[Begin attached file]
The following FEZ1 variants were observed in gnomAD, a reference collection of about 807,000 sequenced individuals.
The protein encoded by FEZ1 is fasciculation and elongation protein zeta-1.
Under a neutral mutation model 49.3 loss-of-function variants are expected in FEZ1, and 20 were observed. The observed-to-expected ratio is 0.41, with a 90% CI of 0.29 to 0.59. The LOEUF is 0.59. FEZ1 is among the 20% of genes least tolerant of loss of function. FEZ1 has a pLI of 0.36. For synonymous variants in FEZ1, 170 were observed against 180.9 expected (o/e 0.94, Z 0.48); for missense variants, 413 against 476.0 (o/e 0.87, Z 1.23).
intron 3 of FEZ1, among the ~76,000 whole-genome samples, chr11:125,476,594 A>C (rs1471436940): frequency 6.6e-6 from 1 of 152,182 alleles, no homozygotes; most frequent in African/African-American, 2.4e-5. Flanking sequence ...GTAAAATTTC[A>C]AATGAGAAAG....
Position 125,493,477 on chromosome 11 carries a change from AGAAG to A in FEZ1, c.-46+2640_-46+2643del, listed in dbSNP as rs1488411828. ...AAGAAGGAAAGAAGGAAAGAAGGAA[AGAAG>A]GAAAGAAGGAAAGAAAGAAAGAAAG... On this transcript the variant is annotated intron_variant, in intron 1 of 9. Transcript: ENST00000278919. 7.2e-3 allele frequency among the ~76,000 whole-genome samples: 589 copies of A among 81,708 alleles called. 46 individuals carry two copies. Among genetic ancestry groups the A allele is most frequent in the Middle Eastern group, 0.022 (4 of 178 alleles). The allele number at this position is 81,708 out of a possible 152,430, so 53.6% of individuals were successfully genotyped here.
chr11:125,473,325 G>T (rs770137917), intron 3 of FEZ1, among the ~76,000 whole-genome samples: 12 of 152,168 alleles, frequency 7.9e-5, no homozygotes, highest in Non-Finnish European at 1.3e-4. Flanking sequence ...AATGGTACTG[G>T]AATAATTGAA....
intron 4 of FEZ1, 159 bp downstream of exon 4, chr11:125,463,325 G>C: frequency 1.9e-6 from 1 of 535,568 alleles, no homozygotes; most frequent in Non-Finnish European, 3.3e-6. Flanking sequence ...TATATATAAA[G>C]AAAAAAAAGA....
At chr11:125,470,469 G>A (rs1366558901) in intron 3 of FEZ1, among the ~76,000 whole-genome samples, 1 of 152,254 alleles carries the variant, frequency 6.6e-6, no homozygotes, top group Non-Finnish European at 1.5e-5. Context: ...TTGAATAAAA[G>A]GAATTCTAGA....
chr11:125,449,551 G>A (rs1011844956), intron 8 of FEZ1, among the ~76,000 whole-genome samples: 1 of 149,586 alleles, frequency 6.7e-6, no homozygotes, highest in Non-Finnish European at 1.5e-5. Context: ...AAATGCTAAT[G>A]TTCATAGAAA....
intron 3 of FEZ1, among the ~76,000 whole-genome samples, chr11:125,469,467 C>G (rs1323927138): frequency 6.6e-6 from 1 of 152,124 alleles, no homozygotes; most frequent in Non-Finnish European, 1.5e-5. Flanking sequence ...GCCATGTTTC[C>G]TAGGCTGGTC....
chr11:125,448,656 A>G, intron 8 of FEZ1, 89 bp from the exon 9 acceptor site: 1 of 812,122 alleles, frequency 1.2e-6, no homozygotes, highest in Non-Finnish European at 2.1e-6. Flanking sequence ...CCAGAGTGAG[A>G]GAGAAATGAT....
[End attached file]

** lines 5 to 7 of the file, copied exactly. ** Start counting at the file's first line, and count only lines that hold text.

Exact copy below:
Position 125,493,477 on chromosome 11 carries a change from AGAAG to A in FEZ1, c.-46+2640_-46+2643del, listed in dbSNP as rs1488411828. ...AAGAAGGAAAGAAGGAAAGAAGGAA[AGAAG>A]GAAAGAAGGAAAGAAAGAAAGAAAG... On this transcript the variant is annotated intron_variant, in intron 1 of 9. Transcript: ENST00000278919. 7.2e-3 allele frequency among the ~76,000 whole-genome samples: 589 copies of A among 81,708 alleles called. 46 individuals carry two copies. Among genetic ancestry groups the A allele is most frequent in the Middle Eastern group, 0.022 (4 of 178 alleles). The allele number at this position is 81,708 out of a possible 152,430, so 53.6% of individuals were successfully genotyped here.
chr11:125,473,325 G>T (rs770137917), intron 3 of FEZ1, among the ~76,000 whole-genome samples: 12 of 152,168 alleles, frequency 7.9e-5, no homozygotes, highest in Non-Finnish European at 1.3e-4. Flanking sequence ...AATGGTACTG[G>T]AATAATTGAA....
intron 4 of FEZ1, 159 bp downstream of exon 4, chr11:125,463,325 G>C: frequency 1.9e-6 from 1 of 535,568 alleles, no homozygotes; most frequent in Non-Finnish European, 3.3e-6. Flanking sequence ...TATATATAAA[G>C]AAAAAAAAGA....